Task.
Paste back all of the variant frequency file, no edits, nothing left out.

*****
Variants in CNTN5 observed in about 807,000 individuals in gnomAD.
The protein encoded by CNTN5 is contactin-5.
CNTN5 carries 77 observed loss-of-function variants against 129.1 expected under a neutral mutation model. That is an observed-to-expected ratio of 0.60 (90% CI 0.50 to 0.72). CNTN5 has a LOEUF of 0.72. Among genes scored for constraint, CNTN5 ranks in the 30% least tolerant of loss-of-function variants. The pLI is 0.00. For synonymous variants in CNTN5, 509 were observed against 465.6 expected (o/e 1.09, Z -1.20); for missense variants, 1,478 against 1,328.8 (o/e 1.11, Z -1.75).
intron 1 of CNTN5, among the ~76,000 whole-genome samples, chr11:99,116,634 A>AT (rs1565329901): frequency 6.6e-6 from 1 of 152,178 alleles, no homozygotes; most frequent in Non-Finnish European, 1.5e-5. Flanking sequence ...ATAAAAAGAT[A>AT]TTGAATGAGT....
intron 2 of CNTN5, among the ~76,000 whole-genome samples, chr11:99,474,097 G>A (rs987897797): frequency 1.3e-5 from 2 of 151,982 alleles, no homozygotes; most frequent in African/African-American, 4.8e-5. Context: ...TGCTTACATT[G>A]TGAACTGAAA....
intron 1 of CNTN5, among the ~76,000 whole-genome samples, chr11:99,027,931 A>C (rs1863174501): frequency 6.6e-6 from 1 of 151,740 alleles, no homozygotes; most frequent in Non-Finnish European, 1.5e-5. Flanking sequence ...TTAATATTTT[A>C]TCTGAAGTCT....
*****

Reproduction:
Variants in CNTN5 observed in about 807,000 individuals in gnomAD.
The protein encoded by CNTN5 is contactin-5.
CNTN5 carries 77 observed loss-of-function variants against 129.1 expected under a neutral mutation model. That is an observed-to-expected ratio of 0.60 (90% CI 0.50 to 0.72). CNTN5 has a LOEUF of 0.72. Among genes scored for constraint, CNTN5 ranks in the 30% least tolerant of loss-of-function variants. The pLI is 0.00. For synonymous variants in CNTN5, 509 were observed against 465.6 expected (o/e 1.09, Z -1.20); for missense variants, 1,478 against 1,328.8 (o/e 1.11, Z -1.75).
intron 1 of CNTN5, among the ~76,000 whole-genome samples, chr11:99,116,634 A>AT (rs1565329901): frequency 6.6e-6 from 1 of 152,178 alleles, no homozygotes; most frequent in Non-Finnish European, 1.5e-5. Flanking sequence ...ATAAAAAGAT[A>AT]TTGAATGAGT....
intron 2 of CNTN5, among the ~76,000 whole-genome samples, chr11:99,474,097 G>A (rs987897797): frequency 1.3e-5 from 2 of 151,982 alleles, no homozygotes; most frequent in African/African-American, 4.8e-5. Context: ...TGCTTACATT[G>A]TGAACTGAAA....
intron 1 of CNTN5, among the ~76,000 whole-genome samples, chr11:99,027,931 A>C (rs1863174501): frequency 6.6e-6 from 1 of 151,740 alleles, no homozygotes; most frequent in Non-Finnish European, 1.5e-5. Flanking sequence ...TTAATATTTT[A>C]TCTGAAGTCT....